Dolly Parton has once again reminded us why we should all aspire to be more like Dolly Parton.
In a new Billboard cover story, the country legend shared her support for Black Lives Matter and the recent uprisings against police brutality and white supremacy. She also spoke candidly about her own mortality and the importance of drawing up a will.
On the topic of BLM, the 74-year-old proved that she’s definitely aligned with the times and fully onboard with the protests that have carried on since George Floyd’s murder at the hands of Minneapolis police. “I understand people having to make themselves known and felt and seen,” said Parton. “And of course, Black lives matter. Do we think our little white asses are the only ones that matter? No!” The Queen of Nashville has officially spoken.
Parton also engaged in a discussion about how racist monuments and other antiquated Confederacy statues have been taken down in the last few months. The iconic artist actually did something similar in 2018, when she renamed her “Dixie Stampede” Civil War-themed attraction to “Dolly Parton’s Stampede”. Although she was clearly ahead of her time — The Dixie Chicks only changed their name this past June — Parton admitted that she was guilty of “innocent ignorance” back then.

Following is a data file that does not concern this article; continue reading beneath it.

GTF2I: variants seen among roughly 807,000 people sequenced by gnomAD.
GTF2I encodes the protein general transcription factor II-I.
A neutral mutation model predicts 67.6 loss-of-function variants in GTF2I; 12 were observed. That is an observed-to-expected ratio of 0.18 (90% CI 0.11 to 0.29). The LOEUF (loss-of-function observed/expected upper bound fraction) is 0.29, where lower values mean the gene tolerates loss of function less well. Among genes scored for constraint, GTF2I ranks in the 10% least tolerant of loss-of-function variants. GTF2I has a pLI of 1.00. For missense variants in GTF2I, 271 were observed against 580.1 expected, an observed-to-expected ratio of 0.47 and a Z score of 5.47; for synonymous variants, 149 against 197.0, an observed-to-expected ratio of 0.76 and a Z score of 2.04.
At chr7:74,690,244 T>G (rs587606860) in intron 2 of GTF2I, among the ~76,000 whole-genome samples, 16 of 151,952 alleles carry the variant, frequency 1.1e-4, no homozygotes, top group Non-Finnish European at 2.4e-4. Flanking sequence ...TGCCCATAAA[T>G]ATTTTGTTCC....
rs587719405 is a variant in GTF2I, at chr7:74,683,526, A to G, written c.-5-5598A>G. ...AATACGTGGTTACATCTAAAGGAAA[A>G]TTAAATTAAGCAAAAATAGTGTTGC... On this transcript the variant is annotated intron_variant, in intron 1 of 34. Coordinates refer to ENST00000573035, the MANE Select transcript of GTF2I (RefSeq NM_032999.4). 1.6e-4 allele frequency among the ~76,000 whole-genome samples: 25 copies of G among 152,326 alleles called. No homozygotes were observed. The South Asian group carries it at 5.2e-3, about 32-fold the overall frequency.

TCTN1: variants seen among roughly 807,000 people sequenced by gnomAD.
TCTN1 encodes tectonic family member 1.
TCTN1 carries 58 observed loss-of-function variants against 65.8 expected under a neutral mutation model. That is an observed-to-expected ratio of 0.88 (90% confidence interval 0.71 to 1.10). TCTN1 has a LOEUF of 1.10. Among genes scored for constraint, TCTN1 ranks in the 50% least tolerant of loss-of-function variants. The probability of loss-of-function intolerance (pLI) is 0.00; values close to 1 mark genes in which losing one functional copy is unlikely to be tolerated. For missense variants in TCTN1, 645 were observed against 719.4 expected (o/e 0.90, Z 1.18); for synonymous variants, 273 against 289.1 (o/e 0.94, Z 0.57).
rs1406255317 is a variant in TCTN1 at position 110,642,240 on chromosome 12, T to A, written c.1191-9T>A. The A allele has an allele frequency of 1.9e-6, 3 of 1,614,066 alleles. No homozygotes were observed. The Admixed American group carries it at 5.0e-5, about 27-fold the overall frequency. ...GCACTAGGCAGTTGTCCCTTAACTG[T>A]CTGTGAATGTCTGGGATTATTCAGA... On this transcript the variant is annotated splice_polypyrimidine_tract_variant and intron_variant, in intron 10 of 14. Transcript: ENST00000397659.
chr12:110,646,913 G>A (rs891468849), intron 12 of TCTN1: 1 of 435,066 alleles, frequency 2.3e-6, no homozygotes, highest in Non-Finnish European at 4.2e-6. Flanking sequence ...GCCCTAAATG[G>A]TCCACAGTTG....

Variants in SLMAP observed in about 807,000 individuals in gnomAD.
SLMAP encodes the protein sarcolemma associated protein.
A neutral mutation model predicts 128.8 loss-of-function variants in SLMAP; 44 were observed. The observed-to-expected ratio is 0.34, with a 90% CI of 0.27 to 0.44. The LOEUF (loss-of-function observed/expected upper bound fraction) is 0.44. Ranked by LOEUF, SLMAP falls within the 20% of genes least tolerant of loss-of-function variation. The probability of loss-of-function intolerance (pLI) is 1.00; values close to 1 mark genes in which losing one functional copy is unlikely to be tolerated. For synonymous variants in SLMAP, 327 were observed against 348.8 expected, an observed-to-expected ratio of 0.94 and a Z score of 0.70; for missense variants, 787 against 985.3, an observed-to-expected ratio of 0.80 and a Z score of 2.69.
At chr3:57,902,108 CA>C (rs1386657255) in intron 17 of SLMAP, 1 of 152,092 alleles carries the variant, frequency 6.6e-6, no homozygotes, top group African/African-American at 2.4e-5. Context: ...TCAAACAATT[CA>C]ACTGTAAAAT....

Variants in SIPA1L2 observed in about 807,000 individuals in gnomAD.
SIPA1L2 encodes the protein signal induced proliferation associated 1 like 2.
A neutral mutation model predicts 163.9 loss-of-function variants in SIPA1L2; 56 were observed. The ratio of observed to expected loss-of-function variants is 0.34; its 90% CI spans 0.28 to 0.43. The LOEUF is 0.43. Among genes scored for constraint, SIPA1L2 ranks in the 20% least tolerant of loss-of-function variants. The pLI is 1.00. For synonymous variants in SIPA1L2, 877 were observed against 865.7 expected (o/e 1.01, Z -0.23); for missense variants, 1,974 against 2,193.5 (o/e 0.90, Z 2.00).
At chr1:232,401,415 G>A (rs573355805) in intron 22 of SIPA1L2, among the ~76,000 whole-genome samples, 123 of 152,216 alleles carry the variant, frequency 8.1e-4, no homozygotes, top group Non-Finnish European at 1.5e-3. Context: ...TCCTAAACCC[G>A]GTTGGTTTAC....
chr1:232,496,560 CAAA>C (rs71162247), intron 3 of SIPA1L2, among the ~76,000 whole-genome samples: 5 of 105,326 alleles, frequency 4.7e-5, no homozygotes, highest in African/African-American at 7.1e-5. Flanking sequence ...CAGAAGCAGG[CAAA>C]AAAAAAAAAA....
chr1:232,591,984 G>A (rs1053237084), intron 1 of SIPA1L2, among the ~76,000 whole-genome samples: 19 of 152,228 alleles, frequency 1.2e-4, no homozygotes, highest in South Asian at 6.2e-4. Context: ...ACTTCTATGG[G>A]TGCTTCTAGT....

She spoke further on her decision to rename the attraction:
“When they said ‘Dixie’ was an offensive word, I thought, ‘Well, I don’t want to offend anybody. This is a business. We’ll just call it The Stampede.’ As soon as you realize that [something] is a problem, you should fix it. Don’t be a dumbass. That’s where my heart is. I would never dream of hurting anybody on purpose.”
Elsewhere in the sprawling profile, Parton makes it clear she has no plans to slow down or exit the entertainment industry anytime soon. (In fact, earlier today she announced a new Christmas album featuring contributions from Miley Cyrus, Willie Nelson, Michael Bublé, Jimmy Fallon, and more.) Even so, Parton said she still wants to get her estate and her will in order just in case tragedy strikes — mostly to ease the burden on her family.
“I would not want to leave that mess to somebody else,” commented Parton. “A word to all the other artists out there: If you haven’t made those provisions, do that. You don’t want to leave that mess to your family for people to have to fight over. You need to take care of that yourself, even if it’s a pain in the ass — and it is.” As anyone that’s followed the music industry knows, an artist’s death can often lead to plenty of squabbles over ownership and rights.
In case you want more Dolly Parton (who doesn’t??), check out the full interview here.
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